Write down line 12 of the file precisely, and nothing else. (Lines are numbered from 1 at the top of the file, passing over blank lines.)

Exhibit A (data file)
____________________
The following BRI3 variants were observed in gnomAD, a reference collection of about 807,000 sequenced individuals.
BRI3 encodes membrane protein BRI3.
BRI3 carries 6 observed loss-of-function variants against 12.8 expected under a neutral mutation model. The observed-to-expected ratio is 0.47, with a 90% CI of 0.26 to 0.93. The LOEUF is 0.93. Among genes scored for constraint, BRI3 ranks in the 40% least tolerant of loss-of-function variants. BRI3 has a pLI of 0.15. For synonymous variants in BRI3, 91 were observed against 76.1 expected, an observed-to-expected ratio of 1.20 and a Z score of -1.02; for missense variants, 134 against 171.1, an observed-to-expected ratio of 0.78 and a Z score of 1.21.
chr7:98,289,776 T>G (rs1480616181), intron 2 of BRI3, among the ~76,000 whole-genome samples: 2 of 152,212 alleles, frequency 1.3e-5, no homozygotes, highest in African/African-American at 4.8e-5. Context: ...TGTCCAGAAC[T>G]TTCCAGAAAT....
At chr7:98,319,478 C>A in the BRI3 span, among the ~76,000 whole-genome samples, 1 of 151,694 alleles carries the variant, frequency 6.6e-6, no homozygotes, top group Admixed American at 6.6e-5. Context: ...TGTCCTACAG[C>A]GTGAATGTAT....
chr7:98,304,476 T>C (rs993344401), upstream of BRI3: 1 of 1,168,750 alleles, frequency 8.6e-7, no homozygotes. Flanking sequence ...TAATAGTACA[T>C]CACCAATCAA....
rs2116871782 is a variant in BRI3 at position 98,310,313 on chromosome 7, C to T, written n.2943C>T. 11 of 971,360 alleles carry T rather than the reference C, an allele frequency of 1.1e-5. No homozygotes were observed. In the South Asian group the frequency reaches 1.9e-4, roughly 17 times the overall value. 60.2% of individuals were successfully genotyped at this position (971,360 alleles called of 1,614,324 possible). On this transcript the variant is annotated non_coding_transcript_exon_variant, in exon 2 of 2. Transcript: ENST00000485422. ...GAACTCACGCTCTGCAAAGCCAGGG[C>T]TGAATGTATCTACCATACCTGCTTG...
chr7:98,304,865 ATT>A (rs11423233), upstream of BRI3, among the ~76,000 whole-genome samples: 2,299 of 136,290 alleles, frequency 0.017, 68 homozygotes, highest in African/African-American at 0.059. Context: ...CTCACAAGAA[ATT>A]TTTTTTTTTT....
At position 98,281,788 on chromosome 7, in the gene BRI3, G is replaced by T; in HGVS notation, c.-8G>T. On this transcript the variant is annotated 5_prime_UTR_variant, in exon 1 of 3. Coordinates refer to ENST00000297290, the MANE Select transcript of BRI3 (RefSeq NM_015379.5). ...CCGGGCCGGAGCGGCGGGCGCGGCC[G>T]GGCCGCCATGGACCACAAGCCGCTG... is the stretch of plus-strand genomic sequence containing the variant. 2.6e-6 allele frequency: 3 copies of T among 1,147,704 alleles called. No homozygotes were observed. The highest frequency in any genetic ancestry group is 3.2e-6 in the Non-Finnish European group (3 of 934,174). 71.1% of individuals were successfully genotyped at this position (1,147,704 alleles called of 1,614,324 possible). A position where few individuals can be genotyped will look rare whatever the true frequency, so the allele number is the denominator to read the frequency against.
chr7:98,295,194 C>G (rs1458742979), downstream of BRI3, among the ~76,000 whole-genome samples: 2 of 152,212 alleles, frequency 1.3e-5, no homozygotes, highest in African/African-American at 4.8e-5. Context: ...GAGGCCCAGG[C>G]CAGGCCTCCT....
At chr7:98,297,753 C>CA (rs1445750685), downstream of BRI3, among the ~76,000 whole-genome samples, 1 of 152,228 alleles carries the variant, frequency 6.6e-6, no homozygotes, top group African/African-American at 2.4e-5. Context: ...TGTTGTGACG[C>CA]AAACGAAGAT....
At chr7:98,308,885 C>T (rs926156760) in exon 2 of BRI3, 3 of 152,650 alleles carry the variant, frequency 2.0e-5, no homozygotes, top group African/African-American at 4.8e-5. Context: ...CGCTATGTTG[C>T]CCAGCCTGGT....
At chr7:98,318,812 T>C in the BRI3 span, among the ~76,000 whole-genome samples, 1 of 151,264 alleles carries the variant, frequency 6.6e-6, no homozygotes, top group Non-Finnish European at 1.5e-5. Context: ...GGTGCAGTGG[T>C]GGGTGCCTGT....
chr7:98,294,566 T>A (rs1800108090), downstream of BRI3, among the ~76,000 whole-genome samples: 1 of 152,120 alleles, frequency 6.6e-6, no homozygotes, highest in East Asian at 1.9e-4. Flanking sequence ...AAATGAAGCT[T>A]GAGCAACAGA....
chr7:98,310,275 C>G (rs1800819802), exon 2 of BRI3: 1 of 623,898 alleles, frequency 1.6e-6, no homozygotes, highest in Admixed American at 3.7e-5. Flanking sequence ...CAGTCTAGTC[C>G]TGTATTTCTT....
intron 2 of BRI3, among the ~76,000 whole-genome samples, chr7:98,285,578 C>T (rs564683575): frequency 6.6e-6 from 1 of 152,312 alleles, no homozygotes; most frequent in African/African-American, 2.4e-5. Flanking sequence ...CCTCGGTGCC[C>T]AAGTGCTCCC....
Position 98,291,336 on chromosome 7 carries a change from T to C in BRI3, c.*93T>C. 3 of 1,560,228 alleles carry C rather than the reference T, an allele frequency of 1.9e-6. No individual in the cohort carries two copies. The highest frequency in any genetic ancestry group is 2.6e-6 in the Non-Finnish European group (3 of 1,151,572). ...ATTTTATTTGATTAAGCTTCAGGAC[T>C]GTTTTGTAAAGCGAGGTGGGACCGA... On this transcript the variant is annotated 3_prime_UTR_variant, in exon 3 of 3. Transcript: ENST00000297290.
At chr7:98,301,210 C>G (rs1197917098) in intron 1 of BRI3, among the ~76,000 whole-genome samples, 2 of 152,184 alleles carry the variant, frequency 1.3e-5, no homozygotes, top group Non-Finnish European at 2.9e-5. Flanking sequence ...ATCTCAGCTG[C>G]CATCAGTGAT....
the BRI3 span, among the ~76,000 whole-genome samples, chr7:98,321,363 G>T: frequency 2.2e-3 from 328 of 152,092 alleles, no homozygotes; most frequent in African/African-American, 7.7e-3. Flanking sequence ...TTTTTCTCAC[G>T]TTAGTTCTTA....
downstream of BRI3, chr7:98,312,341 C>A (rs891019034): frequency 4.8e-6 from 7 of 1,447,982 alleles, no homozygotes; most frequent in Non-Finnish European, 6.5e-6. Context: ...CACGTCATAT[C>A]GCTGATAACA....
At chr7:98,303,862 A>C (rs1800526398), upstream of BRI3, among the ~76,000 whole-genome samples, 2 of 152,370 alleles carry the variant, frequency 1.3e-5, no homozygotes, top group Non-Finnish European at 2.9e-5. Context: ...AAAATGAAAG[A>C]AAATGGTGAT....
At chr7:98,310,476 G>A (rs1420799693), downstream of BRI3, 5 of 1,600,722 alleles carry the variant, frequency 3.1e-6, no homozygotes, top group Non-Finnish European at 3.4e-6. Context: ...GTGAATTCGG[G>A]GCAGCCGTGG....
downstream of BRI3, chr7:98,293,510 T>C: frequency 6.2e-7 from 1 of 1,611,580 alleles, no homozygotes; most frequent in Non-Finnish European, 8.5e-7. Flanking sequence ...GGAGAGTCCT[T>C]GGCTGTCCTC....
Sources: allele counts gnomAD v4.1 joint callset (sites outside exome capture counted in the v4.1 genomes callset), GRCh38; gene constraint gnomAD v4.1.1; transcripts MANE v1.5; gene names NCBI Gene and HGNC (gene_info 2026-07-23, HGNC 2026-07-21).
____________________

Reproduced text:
At chr7:98,308,885 C>T (rs926156760) in exon 2 of BRI3, 3 of 152,650 alleles carry the variant, frequency 2.0e-5, no homozygotes, top group African/African-American at 4.8e-5. Context: ...CGCTATGTTG[C>T]CCAGCCTGGT....